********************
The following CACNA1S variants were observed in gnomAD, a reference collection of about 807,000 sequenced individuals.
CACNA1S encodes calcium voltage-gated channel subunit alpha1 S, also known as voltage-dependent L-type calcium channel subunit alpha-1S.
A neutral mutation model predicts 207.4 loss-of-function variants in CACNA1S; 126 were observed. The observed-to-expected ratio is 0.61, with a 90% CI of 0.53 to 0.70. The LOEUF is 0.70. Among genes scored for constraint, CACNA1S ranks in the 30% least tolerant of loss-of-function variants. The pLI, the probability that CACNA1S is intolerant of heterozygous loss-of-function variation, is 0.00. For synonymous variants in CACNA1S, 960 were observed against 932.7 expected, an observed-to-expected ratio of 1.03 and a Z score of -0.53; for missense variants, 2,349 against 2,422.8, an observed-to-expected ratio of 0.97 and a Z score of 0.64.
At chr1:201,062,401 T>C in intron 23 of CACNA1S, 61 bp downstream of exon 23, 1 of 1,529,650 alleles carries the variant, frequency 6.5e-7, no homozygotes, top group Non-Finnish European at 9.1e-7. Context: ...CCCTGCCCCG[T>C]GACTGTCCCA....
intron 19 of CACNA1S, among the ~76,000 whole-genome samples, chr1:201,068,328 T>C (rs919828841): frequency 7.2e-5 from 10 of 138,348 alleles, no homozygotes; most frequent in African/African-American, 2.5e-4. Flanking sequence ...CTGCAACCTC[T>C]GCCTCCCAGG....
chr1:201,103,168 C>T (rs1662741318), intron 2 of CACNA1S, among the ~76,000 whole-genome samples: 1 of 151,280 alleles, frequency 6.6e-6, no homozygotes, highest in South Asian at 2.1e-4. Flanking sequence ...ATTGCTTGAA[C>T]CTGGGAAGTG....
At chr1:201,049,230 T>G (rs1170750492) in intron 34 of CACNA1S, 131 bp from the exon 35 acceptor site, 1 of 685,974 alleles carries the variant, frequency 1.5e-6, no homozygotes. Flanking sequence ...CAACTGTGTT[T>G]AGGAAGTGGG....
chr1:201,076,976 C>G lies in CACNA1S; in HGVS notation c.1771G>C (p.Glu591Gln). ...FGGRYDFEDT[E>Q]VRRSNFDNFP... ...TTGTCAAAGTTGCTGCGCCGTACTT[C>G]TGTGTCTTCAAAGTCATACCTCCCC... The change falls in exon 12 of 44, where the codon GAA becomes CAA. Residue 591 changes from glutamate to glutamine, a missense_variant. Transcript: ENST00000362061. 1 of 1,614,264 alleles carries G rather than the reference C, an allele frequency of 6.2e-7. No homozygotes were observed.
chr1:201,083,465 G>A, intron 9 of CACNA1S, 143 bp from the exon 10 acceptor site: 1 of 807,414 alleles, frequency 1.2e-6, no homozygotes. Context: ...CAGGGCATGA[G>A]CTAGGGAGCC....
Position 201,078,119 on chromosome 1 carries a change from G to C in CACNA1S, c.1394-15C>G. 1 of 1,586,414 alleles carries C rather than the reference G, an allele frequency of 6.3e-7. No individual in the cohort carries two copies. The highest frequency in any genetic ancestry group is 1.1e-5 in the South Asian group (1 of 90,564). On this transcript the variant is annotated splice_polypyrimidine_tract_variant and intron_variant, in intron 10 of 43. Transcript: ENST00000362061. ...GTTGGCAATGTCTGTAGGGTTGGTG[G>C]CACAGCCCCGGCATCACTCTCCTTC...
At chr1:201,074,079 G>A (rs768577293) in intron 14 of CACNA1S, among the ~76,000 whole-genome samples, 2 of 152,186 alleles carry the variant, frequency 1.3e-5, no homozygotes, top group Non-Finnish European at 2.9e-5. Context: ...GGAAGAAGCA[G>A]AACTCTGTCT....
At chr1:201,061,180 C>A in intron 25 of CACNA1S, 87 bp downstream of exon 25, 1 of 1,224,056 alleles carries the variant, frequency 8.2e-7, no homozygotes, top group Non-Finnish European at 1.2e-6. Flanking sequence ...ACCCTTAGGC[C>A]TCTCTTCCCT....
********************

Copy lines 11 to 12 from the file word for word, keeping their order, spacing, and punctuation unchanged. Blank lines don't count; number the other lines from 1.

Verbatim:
At chr1:201,074,079 G>A (rs768577293) in intron 14 of CACNA1S, among the ~76,000 whole-genome samples, 2 of 152,186 alleles carry the variant, frequency 1.3e-5, no homozygotes, top group Non-Finnish European at 2.9e-5. Context: ...GGAAGAAGCA[G>A]AACTCTGTCT....
At chr1:201,061,180 C>A in intron 25 of CACNA1S, 87 bp downstream of exon 25, 1 of 1,224,056 alleles carries the variant, frequency 8.2e-7, no homozygotes, top group Non-Finnish European at 1.2e-6. Flanking sequence ...ACCCTTAGGC[C>A]TCTCTTCCCT....